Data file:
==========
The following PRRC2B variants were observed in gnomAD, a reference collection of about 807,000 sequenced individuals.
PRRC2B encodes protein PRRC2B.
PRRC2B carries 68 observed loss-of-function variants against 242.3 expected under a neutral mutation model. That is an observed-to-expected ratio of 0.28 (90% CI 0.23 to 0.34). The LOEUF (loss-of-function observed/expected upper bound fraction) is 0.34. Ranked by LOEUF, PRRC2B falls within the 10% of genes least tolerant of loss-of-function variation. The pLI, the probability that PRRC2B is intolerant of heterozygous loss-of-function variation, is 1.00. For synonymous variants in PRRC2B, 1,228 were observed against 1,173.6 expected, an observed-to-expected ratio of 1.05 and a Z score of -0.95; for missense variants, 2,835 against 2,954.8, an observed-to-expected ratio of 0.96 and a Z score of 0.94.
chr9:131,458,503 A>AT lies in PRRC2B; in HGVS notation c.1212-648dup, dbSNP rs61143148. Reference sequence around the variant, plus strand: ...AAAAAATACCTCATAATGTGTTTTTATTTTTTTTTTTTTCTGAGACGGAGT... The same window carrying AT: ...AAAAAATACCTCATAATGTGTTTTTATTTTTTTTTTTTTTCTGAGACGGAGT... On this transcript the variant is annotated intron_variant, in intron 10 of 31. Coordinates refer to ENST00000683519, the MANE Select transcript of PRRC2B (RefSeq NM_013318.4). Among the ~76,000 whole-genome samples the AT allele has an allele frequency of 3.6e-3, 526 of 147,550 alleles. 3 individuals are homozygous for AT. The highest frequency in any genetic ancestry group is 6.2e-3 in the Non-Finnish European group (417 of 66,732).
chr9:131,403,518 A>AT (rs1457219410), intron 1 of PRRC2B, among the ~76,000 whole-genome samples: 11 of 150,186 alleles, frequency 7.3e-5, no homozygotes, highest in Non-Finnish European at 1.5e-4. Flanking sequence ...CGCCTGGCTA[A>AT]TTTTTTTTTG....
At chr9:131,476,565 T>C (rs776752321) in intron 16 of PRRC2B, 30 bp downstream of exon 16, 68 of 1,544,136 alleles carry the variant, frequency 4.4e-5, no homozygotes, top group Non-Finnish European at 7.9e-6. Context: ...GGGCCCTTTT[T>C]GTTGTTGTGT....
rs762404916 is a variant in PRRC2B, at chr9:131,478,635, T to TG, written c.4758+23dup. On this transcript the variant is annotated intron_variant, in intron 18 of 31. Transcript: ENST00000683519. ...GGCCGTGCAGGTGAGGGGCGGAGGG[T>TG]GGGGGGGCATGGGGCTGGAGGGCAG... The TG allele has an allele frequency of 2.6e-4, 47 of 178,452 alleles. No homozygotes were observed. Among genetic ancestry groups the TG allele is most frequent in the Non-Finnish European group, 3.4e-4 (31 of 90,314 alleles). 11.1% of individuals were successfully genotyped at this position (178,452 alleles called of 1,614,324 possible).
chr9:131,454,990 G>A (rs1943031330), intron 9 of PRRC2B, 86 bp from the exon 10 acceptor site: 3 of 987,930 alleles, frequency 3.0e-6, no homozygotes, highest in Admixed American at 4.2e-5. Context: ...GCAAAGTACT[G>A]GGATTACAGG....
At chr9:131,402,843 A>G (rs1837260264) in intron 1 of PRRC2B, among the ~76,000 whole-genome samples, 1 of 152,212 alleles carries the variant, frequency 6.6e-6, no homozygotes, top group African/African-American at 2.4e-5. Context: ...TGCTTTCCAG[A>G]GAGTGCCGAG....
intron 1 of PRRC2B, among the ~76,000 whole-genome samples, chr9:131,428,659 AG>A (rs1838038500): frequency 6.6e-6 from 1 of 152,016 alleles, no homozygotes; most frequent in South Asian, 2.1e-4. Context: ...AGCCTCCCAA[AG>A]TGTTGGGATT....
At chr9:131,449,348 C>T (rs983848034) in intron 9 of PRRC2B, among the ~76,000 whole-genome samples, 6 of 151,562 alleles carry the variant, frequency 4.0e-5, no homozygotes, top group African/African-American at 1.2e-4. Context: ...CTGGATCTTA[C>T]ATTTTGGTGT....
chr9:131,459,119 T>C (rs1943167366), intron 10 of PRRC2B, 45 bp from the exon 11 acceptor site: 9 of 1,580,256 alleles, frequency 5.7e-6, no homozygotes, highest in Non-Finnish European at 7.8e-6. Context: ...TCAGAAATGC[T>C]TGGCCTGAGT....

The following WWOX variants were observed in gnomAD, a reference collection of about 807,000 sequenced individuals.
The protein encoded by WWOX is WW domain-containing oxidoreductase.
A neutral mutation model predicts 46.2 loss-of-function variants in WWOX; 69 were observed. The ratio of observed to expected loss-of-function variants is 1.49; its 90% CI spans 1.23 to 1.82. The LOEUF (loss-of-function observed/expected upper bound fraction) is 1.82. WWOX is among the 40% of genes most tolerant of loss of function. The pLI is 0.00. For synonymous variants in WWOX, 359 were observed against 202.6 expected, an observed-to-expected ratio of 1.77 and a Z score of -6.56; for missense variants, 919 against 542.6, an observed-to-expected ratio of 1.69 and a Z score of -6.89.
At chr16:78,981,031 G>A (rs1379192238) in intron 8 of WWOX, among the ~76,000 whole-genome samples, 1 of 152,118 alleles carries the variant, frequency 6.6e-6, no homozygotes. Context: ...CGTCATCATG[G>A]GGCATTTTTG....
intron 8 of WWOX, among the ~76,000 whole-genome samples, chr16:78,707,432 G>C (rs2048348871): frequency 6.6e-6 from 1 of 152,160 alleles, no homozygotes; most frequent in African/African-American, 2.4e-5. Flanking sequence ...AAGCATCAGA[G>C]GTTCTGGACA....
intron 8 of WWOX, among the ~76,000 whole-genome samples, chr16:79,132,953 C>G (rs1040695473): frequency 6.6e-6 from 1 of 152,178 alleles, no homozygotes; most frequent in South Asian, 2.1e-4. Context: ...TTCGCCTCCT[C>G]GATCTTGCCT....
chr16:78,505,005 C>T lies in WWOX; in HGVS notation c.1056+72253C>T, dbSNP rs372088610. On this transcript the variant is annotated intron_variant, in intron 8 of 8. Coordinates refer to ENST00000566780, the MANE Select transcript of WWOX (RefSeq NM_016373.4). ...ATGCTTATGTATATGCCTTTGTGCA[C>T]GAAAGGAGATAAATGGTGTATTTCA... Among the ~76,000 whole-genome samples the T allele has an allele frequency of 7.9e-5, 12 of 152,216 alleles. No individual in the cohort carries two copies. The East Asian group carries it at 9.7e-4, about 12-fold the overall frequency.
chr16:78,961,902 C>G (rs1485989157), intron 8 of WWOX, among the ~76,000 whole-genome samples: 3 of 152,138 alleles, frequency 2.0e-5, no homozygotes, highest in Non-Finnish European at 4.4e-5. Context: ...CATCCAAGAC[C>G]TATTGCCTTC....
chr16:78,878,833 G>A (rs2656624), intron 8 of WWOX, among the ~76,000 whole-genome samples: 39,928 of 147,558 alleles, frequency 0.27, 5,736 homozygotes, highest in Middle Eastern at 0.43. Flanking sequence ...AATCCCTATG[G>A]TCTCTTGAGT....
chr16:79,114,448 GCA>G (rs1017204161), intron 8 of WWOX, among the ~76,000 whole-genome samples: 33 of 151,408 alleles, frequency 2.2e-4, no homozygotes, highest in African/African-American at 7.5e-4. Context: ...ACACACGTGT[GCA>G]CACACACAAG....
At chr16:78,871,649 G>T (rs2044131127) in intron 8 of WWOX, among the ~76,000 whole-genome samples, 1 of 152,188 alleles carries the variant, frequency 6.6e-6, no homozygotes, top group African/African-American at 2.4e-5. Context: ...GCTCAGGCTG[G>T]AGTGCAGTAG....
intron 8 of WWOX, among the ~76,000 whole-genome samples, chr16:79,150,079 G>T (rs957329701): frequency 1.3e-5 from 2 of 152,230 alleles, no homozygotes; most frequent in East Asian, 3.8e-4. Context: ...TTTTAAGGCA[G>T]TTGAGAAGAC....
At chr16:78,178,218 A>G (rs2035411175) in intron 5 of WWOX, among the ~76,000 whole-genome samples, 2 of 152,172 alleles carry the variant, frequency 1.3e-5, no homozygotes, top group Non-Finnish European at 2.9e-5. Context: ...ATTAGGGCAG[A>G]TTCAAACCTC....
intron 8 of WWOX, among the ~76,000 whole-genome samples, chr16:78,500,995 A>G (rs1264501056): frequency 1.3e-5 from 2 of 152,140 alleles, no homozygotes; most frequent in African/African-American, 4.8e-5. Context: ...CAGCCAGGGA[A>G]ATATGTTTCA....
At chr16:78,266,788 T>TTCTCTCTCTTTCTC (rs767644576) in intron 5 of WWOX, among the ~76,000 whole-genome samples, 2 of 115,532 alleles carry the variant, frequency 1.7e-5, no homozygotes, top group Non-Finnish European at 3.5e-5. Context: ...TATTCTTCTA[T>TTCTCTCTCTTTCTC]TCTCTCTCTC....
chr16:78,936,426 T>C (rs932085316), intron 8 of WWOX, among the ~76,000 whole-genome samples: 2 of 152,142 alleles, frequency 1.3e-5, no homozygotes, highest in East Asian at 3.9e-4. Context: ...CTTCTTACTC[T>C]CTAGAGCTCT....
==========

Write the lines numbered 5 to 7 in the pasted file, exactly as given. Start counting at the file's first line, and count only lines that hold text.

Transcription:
chr9:131,403,518 A>AT (rs1457219410), intron 1 of PRRC2B, among the ~76,000 whole-genome samples: 11 of 150,186 alleles, frequency 7.3e-5, no homozygotes, highest in Non-Finnish European at 1.5e-4. Flanking sequence ...CGCCTGGCTA[A>AT]TTTTTTTTTG....
At chr9:131,476,565 T>C (rs776752321) in intron 16 of PRRC2B, 30 bp downstream of exon 16, 68 of 1,544,136 alleles carry the variant, frequency 4.4e-5, no homozygotes, top group Non-Finnish European at 7.9e-6. Context: ...GGGCCCTTTT[T>C]GTTGTTGTGT....
rs762404916 is a variant in PRRC2B, at chr9:131,478,635, T to TG, written c.4758+23dup. On this transcript the variant is annotated intron_variant, in intron 18 of 31. Transcript: ENST00000683519. ...GGCCGTGCAGGTGAGGGGCGGAGGG[T>TG]GGGGGGGCATGGGGCTGGAGGGCAG... The TG allele has an allele frequency of 2.6e-4, 47 of 178,452 alleles. No homozygotes were observed. Among genetic ancestry groups the TG allele is most frequent in the Non-Finnish European group, 3.4e-4 (31 of 90,314 alleles). 11.1% of individuals were successfully genotyped at this position (178,452 alleles called of 1,614,324 possible).